ISIS (ISIL/Islamic State/Daesh) has called on supporters to place fake ads on popular websites to lure innocent victims who will be held hostage and then executed, according to NineNewsTV.

The latest edition of the terror group’s online magazine Rumiyah outlines in chilling detail how would-be lone wolves can carry out such attacks.

In a disturbing featured section of the 58-page magazine titled Just Terror Tactics, Australia’s home-grown terrorists Man Haron Monis, Numan Haider, and Farhad Jabar are all named and applauded.

The article declares that the objective of hostage taking is “to create as much carnage and terror as one possibly can”. For optimum impact, potential attackers are encouraged to create a drawn out hostage situation to leverage maximum media attention.

“This is because the hostile kafir (a derogatory word to describe non-believers) only understands one language and that is the language of force, the language of killing, stabbing and slitting throats, chopping off heads, flattening them under trucks, and burning them alive.”

In what is a kind of murderous ISIS playbook, the propaganda piece advises a variety of ways a supporter can hijack popular classified ad websites trafficked by millions of people every day to take hostages.

ISIS methods include advertising decoy jobs, second hand items for sale and rooms to rent on websites like Gumtree, eBay and Craig’s list.

All are ploys designed to snare unsuspecting victims for execution.

The six-page article goes on to explain how to subdue and kill people with knives and other weapons, once they have been trapped.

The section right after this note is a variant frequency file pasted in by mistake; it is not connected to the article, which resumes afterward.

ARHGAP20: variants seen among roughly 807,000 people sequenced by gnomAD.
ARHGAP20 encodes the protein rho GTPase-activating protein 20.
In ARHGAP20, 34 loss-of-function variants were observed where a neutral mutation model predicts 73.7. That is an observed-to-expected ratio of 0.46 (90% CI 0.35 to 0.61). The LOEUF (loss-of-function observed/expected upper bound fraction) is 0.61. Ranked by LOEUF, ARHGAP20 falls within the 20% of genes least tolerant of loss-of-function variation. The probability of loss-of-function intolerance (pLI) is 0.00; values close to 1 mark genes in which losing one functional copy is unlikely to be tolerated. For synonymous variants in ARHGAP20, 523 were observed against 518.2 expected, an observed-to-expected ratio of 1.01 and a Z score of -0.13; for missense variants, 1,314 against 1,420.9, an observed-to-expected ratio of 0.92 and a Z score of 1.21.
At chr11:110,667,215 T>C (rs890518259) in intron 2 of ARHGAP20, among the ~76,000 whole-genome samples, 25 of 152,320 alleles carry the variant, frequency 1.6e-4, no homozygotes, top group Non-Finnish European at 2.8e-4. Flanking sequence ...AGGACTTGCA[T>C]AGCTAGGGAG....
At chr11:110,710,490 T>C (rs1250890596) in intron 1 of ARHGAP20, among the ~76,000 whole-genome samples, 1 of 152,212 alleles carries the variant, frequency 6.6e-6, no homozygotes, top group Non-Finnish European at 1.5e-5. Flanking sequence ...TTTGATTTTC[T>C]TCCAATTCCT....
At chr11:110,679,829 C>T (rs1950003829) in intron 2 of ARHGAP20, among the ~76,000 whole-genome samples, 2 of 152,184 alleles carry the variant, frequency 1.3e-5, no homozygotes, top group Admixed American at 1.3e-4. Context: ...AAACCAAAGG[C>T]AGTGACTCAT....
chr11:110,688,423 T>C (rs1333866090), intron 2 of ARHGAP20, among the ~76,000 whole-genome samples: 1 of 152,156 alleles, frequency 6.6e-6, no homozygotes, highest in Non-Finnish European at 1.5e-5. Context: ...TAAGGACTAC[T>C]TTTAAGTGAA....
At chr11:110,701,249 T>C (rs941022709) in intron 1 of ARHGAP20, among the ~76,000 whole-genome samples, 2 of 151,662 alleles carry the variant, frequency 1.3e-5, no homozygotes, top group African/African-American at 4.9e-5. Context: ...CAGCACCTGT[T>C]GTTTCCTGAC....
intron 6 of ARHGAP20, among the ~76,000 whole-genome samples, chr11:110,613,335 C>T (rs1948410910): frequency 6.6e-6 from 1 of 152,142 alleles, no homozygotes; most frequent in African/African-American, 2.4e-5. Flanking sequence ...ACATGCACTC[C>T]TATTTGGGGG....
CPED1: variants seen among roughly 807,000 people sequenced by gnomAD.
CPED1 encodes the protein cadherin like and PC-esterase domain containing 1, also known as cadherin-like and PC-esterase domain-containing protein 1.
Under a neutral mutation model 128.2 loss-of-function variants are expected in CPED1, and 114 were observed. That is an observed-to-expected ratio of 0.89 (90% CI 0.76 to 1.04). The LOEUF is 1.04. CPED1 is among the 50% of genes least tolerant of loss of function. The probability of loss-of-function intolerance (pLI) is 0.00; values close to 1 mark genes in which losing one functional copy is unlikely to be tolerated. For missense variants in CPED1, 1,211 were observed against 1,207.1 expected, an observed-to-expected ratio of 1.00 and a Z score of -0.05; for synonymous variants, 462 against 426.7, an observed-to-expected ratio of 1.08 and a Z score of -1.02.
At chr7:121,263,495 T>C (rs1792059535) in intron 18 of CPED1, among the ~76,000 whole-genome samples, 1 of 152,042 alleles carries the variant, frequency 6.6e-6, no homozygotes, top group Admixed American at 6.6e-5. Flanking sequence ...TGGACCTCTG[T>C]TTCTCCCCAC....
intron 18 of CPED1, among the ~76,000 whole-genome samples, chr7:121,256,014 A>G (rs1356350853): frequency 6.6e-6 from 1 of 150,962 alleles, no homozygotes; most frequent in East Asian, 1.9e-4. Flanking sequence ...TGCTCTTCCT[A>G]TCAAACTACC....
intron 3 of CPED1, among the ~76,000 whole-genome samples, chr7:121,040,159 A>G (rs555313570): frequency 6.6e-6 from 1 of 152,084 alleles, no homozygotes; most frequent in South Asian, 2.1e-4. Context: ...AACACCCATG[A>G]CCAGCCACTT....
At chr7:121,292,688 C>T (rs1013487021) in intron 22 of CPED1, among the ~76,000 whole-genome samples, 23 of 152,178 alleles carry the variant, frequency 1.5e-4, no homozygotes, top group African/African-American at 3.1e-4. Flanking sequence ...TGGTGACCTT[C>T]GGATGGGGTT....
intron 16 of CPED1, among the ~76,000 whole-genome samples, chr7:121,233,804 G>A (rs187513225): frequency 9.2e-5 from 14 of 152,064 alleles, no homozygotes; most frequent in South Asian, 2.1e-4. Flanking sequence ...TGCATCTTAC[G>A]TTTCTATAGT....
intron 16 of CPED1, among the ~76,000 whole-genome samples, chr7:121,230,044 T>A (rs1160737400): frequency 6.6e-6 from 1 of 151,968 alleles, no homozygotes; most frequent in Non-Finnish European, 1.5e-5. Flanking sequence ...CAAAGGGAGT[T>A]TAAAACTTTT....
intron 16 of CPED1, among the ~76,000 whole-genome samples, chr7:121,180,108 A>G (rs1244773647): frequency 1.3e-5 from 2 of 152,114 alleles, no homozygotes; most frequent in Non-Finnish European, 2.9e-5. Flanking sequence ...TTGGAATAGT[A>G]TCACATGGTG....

Rumiyah instructs readers that bogus job advertisements posted to websites such as Gumtree should ideally appeal to men and non-Muslims.

“After garnering a significant amount of applicants, one can then arrange the ‘job interview’, location and times, spacing out the applicants’ appointment times so as to give oneself time to subdue each target as he arrives – luring him to an appropriate location before attacking, subduing, binding, and then slaughtering them.”

If advertising property for rent, it is recommended to offer a fictitious small single room or studio apartment, or something “suitable for students”.

The article cautions those setting up ads for second-hand items on eBay, Craig’s list and Gumtree that prices should be set at an appropriate level, so as to not attract suspicion.

A well-deployed ad selling make-believe goods will stipulate that the buyer must pick up the item, and “upon the target’s arrival, one can then proceed to initiate his attack”.

Typical of ISIS, whose slick and aggressive propaganda machine has been used to recruit followers and incite attacks with alarming effect, the content and language in the article is confronting.

The word “harvest” is used to describe the killing of western citizens “residing in the lands of disbelief”.

Readers are pointed to a back issue of the multi-language magazine which showcases what kind of knives are best suited to carry out an execution.

Tactics such as turning up the volume of the stereo to drown out screams and what type of equipment can be bought from a hardware store to restrain a victim’s hands are also included.

Over the past 18 months, counter-terror analysts have observed just how responsive ISIS supporters can be to such suggestions.

Earlier issues of Rumiyah have detailed how knife attacks should be carried out in public, and implored followers to drive cars into crowded public spaces such as festivals and markets.

This issue’s Just Terror Tactics feature opens by briefly paying tribute to Man Haron Monis, Numan Haider, and Farhad Jabar, who have all launched recent terror attacks in Australia.

ISIS used its social media channels and encrypted messenger services to call on supporters to wage “all-out war” on the West during the Muslim holy month of Ramadan, it was reported over the weekend.